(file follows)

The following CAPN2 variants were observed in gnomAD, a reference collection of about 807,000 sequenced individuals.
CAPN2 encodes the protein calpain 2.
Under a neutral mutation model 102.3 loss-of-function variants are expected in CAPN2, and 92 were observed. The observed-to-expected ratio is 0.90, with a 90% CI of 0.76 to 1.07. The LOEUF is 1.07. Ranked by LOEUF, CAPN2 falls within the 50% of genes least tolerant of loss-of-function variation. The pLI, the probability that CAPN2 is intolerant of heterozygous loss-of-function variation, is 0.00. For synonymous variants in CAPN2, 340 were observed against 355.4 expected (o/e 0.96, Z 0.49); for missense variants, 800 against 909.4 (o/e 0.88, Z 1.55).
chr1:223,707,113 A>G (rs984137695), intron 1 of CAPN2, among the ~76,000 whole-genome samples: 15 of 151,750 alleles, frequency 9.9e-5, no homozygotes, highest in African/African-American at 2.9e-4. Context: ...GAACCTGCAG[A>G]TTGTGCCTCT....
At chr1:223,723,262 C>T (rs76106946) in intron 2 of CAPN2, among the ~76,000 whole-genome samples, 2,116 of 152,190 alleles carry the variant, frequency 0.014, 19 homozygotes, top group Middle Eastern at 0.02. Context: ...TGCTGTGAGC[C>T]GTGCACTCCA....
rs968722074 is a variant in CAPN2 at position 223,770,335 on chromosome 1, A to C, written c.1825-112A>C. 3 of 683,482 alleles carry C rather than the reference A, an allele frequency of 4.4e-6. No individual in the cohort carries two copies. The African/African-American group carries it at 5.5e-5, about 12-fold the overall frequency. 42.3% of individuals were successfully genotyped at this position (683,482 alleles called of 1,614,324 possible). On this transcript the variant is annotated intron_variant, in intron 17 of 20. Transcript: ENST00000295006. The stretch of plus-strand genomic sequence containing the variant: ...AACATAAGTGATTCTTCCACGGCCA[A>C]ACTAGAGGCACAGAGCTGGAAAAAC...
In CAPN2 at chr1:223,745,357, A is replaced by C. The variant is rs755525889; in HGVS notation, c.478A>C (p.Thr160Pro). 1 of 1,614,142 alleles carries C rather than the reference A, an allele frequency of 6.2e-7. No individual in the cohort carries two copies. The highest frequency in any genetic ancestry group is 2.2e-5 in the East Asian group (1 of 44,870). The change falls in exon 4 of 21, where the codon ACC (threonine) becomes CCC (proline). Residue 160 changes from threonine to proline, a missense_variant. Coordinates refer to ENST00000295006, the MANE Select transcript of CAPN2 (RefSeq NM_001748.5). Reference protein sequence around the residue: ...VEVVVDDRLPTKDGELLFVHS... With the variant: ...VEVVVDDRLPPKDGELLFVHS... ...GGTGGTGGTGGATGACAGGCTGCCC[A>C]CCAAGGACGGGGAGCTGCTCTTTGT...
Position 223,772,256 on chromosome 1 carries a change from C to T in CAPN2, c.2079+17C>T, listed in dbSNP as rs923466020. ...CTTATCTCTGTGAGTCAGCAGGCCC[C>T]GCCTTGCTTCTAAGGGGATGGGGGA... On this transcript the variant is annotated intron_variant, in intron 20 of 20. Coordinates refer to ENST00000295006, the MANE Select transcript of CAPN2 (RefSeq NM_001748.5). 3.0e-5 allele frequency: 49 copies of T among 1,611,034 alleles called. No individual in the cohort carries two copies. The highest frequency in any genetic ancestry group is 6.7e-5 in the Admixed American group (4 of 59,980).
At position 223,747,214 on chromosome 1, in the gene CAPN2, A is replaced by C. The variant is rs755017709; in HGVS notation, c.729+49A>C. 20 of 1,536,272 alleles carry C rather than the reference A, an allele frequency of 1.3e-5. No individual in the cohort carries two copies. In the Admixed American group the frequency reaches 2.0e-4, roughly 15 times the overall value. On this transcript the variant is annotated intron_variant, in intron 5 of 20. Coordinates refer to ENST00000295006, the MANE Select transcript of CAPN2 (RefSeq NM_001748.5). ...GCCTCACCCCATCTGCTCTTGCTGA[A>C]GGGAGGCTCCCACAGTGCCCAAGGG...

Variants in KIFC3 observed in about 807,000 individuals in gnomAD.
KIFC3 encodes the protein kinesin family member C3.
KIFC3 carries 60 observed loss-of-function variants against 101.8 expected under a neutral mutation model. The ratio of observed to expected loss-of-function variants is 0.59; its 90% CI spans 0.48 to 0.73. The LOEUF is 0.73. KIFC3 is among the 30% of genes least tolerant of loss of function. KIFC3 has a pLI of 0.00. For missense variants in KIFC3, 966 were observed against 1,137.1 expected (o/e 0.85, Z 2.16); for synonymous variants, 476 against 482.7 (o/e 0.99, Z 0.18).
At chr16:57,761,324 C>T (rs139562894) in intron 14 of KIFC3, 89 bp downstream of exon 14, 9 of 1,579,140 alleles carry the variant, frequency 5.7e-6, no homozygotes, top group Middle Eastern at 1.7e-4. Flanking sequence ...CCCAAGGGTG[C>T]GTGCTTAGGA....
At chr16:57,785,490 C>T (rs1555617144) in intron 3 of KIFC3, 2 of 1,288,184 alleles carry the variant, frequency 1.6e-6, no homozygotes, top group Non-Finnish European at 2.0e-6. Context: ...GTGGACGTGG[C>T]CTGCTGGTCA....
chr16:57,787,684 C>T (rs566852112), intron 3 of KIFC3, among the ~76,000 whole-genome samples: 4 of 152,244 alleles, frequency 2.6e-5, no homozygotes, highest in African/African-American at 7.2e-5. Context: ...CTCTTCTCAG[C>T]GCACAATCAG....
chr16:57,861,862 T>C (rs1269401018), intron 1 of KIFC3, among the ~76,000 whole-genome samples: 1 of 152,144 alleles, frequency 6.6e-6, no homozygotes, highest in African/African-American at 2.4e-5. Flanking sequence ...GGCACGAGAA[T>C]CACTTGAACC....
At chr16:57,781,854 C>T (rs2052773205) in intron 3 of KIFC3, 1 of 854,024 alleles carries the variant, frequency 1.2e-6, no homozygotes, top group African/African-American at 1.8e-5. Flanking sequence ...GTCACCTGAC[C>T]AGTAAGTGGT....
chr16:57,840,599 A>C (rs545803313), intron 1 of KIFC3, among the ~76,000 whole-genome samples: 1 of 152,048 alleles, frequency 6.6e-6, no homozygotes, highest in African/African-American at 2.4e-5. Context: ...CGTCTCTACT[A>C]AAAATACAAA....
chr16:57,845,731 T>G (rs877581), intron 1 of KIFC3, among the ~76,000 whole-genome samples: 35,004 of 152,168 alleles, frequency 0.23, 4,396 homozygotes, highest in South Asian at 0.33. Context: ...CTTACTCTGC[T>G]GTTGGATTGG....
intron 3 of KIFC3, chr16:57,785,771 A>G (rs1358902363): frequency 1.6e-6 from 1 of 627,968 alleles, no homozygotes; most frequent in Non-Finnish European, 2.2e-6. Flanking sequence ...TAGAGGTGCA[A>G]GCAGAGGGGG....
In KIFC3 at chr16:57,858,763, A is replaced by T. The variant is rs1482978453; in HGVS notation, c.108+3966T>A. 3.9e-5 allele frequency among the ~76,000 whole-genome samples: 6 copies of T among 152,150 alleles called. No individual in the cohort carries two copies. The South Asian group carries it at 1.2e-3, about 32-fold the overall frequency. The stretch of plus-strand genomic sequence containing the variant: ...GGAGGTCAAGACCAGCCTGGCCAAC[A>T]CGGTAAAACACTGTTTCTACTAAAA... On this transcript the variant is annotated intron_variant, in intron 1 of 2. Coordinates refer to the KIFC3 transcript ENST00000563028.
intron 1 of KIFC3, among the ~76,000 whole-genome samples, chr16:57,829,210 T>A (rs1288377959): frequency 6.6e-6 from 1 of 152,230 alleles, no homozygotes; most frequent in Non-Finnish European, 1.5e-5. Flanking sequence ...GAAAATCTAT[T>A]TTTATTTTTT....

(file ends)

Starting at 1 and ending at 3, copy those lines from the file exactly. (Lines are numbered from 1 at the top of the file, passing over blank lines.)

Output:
The following CAPN2 variants were observed in gnomAD, a reference collection of about 807,000 sequenced individuals.
CAPN2 encodes the protein calpain 2.
Under a neutral mutation model 102.3 loss-of-function variants are expected in CAPN2, and 92 were observed. The observed-to-expected ratio is 0.90, with a 90% CI of 0.76 to 1.07. The LOEUF is 1.07. Ranked by LOEUF, CAPN2 falls within the 50% of genes least tolerant of loss-of-function variation. The pLI, the probability that CAPN2 is intolerant of heterozygous loss-of-function variation, is 0.00. For synonymous variants in CAPN2, 340 were observed against 355.4 expected (o/e 0.96, Z 0.49); for missense variants, 800 against 909.4 (o/e 0.88, Z 1.55).